TfL facing significantly increased maintenance expense over next ten years
The total cost to the taxpayer of the Garden Bridge plan is an estimated £43 million
It has been revealed that TfL’s £24 million spend on the failed Garden Bridge equalled more than half of all the money it spent on the capitals’ bridges over the last decade.
Some £43 million of public money was spent on the Garden Bridge, the pet project of former London Mayor turned Prime Minister Boris Johnson and promoted by Joanna Lumley.
It would have linked the South Bank with Temple Tube Station, and have been lined with dozens of trees. The project was killed off in 2017, before any building work had taken place, when Sadiq Khan withdrew funding.
But £24 million of that funding came from TfL while the rest was spent by the Department for Transport.
By comparison, TfL spent just under £43 million on the upkeep of all of London’s river crossings in the ten years up to 2020/21.
A further £13 million was spent on proposals for a bridge between Rotherhithe and Canary Wharf, before it was axed in 2019.
The last 12 months have seen widely reported criticism of how London’s bridges have required expensive maintenance work, most notably Hammersmith Bridge.
Hammersmith Bridge, which closed to vehicles 23 months ago, currently requires stabilisation works estimated at £40 million before it can carry pedestrians. A full repair job of its cracked pedestals has been quoted at £140 million.
The £43 million spend was revealed in a letter from TfL commissioner Andy Byford to London assembly member Murad Qureshi (Labour).
Contrasting the figures raises questions about Boris Johnson’s support for the Garden Bridge, which would only have allowed pedestrians to cross it, with cyclists needing to dismount.
Glynn Barton, TfL’s director of network management, said, “All bridges maintained by TfL are safe and we continue to invest in them regularly to ensure that they can remain open to all road users. This includes regular structural inspections and carrying out day-to-day and large-scale maintenance whenever necessary to ensure they continue to be in good working order.”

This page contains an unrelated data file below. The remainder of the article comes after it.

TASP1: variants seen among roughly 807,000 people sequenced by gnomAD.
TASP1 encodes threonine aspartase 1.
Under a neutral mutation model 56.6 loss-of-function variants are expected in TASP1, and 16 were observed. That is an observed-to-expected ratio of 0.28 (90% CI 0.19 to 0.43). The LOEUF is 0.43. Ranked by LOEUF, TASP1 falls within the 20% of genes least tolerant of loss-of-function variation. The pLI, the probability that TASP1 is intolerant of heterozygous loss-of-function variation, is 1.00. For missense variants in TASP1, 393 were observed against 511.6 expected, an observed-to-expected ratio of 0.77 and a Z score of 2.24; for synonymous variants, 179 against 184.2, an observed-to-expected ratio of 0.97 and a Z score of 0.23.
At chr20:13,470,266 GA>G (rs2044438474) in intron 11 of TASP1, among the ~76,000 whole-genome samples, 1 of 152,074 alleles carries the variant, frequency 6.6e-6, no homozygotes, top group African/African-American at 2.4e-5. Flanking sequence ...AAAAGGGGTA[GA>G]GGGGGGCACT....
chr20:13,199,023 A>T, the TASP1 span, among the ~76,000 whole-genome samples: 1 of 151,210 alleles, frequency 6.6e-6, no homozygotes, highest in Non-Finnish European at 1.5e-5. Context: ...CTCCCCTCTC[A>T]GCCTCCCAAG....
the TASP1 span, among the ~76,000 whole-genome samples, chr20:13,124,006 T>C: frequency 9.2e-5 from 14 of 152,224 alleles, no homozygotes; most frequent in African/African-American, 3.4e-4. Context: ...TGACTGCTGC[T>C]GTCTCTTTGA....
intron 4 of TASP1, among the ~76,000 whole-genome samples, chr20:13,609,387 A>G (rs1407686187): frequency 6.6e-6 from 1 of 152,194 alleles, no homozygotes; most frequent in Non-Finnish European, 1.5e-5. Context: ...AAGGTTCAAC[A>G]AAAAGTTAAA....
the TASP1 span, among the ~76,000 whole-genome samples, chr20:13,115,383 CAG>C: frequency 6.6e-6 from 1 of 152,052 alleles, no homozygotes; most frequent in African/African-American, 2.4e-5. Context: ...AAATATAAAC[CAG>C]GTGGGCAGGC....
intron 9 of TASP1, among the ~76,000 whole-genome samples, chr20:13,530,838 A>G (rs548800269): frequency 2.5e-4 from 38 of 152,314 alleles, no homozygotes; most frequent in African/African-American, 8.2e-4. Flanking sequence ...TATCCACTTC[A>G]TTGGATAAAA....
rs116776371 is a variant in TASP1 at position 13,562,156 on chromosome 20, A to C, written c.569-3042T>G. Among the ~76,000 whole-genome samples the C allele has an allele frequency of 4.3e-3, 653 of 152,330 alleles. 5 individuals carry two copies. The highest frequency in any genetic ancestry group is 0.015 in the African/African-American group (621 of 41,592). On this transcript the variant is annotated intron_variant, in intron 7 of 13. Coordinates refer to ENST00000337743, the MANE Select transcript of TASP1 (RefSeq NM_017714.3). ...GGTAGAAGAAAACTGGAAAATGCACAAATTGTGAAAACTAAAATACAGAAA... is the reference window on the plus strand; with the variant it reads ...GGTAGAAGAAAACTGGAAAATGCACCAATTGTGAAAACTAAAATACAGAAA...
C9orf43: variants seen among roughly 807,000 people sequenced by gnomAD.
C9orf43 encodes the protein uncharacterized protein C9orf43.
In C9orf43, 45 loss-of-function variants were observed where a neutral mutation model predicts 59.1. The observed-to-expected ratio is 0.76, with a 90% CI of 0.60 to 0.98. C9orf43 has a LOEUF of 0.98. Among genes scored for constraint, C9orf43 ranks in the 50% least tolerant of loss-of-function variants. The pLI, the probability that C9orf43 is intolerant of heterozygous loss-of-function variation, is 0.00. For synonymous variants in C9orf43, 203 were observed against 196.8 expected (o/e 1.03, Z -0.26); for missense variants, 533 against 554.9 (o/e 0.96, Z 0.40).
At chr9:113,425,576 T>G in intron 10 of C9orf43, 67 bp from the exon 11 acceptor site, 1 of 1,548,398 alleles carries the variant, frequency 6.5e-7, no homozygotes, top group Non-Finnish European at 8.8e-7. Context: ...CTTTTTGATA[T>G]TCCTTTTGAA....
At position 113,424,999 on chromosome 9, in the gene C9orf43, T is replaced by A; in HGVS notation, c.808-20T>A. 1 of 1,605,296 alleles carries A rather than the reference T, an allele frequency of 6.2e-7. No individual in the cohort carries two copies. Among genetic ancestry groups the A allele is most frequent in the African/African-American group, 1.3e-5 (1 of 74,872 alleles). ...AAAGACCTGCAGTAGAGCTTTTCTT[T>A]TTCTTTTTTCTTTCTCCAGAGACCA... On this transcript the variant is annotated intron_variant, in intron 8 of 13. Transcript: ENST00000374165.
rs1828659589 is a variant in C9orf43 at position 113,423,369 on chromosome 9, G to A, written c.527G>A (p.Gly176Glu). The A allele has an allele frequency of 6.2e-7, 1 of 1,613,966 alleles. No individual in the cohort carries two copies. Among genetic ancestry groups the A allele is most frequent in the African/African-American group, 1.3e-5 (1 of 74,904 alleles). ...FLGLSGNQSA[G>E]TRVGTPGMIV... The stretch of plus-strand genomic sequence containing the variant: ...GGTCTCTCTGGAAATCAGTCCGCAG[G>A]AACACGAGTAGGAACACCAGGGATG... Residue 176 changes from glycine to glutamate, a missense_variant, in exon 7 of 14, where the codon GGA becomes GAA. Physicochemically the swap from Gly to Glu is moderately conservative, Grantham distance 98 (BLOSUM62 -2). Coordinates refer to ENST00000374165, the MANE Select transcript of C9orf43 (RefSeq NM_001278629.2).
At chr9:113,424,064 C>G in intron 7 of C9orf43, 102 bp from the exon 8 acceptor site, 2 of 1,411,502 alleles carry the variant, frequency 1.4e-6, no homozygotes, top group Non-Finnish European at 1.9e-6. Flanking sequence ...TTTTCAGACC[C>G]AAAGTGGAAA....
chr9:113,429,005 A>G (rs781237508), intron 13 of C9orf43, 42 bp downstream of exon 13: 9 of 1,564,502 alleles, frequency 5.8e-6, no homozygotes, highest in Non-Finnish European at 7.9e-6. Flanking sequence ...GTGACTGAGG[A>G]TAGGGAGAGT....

Downing Street has been approached for comment on the PM’s support for the Garden Bridge.
The ill-fated project was effectively scrapped by Sadiq Khan who withdrew funding after he took office as Mayor in 2016. A review showed that its eventual price tag – dependent on private funding – would have been £200 million.
Many of London’s bridges are not owned by TfL, although it heavily subsidises their maintenance.
According to Mr Byford’s letter, between 2010/11 and 2020/21 TfL spent £24 million on five bridges that are owned by local authorities: Chelsea Bridge, Albert Bridge, Wandsworth Bridge and Putney Bridge.
Over those 10 years, TfL spent £3.4 million on bridges owned by the Bridge House Estates: Tower Bridge, London Bridge, Southwark Bridge, the Millennium Bridge and Blackfriars Bridge.
And it spent £15.4 million on the bridges it solely owns: Battersea Bridge, Chiswick Bridge, Kew Bridge, Lambeth Bridge, Twickenham Bridge, Vauxhall Bridge and Westminster Bridge.
Mr Byford’s letter also reveals how it will spend “estimates totalling £135 million-£215 million for the next 10 years”. This includes:
Vauxhall Bridge £40-60m 2023-2025
Lambeth Bridge £20-35m 2023-2028
Kew Bridge £15-30m 2024-2026
Twickenham Bridge £20-30m 2027-2029
Battersea Bridge £15-25m 2027-2030
Westminster Bridge £25-35m 2029-2031
Although its spending was an issue before the pandemic hit, TfL’s finances collapsed into crisis over the last 12 months while its fare revenue dropped by more than 90 per cent.
It received Government bailouts of £1.6 billion in May and £1.8 billion in November. TfL chiefs and civil servants are thrashing out the terms of its next deal, due to be announced by April, the new financial year.
Owen Sheppard - Local Democracy Reporter
March 5, 2021